Read more of this story at Slashdot.

Categories: Science

In Iowa, the Door Knock Lives on in the Age of High-Tech Politics

Wired News - Mon, 01/02/2016 - 11:04pm

Technology may be changing politics in endless ways, but some traditions—like old-fashioned face-to-face canvassing—take a lot longer to alter.

The post In Iowa, the Door Knock Lives on in the Age of High-Tech Politics appeared first on WIRED.











Categories: Science

One Billion People Now Use WhatsApp

Wired News - Mon, 01/02/2016 - 11:00pm

That's about one in seven people on Earth.

The post One Billion People Now Use WhatsApp appeared first on WIRED.











Categories: Science

Jaguar Land Rover To Test Autonomous Cars In 'Living Lab'

Slashdot - Mon, 01/02/2016 - 10:46pm
An anonymous reader writes: British automaker Jaguar Land Rover has announced its £5.5 million investment in a 'living lab' for the testing and development of connected and self-driving car technologies. The UK Connected Intelligent Transport Environment (CITE) will span 41-miles of public roads around Coventry and Solihull, and will be used to test new connected and autonomous vehicle (CAV) systems in real-life conditions. The company is planning to install roadside sensor equipment around the lab route to monitor vehicle-to-vehicle and vehicle-to-infrastructure communications. The fleet will include 100 CAV cars, which will test four different connectivity technologies; 4G long-term evolution (LTE) and its more advanced version LTE-V, dedicated short-range communication (DSRC), and local Wi-Fi hotspots.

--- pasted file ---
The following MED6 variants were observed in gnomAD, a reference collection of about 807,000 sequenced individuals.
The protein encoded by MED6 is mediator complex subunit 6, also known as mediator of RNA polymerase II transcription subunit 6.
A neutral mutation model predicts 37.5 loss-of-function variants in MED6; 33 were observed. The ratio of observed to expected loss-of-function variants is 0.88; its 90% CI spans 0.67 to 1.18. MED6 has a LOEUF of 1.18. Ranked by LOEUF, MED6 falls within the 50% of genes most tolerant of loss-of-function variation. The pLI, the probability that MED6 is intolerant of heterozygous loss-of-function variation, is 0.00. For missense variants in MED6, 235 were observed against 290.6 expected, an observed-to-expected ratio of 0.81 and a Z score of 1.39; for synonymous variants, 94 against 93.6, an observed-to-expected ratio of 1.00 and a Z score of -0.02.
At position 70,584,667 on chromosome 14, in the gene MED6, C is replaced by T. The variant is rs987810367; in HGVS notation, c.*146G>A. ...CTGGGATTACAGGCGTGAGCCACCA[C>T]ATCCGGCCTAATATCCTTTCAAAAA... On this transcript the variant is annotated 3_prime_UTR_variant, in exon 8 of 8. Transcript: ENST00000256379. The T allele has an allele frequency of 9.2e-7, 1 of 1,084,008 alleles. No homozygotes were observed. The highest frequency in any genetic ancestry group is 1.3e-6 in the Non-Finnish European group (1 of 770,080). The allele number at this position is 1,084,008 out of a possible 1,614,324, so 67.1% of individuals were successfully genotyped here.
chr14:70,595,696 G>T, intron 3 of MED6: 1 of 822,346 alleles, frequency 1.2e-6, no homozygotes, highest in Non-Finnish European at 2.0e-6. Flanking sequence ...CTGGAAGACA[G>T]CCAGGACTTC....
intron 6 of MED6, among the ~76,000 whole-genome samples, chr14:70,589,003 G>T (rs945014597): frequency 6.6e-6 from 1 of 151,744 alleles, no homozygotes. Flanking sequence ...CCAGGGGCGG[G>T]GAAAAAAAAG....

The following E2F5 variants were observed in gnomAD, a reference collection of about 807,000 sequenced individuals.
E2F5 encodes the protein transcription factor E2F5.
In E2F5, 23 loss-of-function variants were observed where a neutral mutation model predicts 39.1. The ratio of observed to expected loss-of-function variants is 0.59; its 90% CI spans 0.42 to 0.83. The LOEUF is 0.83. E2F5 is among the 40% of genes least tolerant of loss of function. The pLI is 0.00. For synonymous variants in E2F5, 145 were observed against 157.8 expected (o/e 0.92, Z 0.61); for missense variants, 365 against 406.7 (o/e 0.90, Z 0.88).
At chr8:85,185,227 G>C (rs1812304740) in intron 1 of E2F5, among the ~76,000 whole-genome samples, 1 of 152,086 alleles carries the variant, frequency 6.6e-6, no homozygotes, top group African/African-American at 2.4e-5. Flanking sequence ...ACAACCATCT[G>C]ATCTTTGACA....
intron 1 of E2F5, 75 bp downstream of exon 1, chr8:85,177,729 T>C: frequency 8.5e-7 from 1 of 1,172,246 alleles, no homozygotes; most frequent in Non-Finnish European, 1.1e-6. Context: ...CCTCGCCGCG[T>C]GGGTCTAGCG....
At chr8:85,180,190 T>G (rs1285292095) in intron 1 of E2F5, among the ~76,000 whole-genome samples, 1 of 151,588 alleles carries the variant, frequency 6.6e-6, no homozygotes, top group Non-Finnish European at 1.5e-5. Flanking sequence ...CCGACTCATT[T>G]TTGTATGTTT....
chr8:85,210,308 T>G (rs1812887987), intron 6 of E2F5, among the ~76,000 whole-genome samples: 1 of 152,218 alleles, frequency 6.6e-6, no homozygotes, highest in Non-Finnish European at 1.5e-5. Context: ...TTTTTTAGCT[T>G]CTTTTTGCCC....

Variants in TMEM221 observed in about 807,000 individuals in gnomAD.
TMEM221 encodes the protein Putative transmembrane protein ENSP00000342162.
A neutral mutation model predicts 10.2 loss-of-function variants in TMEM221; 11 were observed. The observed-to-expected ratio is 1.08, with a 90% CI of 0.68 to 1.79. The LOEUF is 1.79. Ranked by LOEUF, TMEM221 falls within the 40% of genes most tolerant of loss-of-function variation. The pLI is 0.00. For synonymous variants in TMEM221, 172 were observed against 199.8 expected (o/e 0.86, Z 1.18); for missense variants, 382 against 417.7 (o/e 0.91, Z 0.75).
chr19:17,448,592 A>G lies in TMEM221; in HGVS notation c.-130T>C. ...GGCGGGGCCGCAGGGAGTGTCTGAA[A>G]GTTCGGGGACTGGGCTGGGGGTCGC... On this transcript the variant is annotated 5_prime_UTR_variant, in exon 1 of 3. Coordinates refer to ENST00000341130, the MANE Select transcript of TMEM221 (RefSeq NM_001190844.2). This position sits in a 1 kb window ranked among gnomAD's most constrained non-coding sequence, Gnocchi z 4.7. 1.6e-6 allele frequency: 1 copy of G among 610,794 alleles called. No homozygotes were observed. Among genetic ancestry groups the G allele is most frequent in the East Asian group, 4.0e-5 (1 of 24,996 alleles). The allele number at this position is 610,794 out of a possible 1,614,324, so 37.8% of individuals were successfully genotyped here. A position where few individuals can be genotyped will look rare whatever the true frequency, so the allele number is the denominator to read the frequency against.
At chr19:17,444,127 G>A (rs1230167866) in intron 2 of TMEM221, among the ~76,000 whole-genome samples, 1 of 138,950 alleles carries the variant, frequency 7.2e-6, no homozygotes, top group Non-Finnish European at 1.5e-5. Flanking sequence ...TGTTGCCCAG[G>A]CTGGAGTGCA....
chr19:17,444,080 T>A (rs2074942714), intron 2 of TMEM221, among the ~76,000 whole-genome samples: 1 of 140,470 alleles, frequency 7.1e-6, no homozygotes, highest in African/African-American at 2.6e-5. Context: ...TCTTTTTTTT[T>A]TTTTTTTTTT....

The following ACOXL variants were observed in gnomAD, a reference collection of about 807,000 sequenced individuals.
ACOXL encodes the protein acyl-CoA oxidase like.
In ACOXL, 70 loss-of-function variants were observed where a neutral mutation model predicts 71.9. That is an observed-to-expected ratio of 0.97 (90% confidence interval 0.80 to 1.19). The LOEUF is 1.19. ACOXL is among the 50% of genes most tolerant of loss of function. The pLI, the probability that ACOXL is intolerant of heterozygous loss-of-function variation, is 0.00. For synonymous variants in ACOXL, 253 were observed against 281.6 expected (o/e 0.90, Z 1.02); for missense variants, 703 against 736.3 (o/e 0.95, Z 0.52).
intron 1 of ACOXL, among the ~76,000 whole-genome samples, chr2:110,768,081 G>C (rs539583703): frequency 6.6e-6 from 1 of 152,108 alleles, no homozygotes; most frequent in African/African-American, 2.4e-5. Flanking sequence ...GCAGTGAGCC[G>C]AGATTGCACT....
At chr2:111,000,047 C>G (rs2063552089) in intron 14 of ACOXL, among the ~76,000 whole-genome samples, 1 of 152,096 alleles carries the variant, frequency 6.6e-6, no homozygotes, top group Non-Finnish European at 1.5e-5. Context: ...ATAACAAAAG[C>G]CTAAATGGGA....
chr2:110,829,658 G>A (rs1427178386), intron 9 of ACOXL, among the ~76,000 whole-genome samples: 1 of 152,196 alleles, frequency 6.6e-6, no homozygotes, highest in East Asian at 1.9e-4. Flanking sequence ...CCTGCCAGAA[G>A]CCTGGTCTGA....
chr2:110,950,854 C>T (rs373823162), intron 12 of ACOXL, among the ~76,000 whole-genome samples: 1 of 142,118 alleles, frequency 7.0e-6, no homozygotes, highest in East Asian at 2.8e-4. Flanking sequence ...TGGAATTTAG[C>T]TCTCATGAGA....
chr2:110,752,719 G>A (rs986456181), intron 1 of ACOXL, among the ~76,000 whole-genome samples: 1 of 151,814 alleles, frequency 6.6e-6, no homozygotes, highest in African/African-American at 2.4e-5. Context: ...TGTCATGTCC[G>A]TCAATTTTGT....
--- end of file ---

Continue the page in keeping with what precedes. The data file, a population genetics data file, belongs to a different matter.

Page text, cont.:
Read more of this story at Slashdot.

Categories: Science

Restless Chilean Volcano Nevados de Chillán Unleashes a Series of Explosions

Wired News - Mon, 01/02/2016 - 10:40pm

Nevados de Chillán is showing signs of continued restlessness. The question is where does it lead.

The post Restless Chilean Volcano Nevados de Chillán Unleashes a Series of Explosions appeared first on WIRED.











Categories: Science

Alphabet Passes Apple to Become the World’s Most Valuable Company

Wired News - Mon, 01/02/2016 - 10:27pm

Google’s parent company, Alphabet, is now the most valuable company in the world.

The post Alphabet Passes Apple to Become the World’s Most Valuable Company appeared first on WIRED.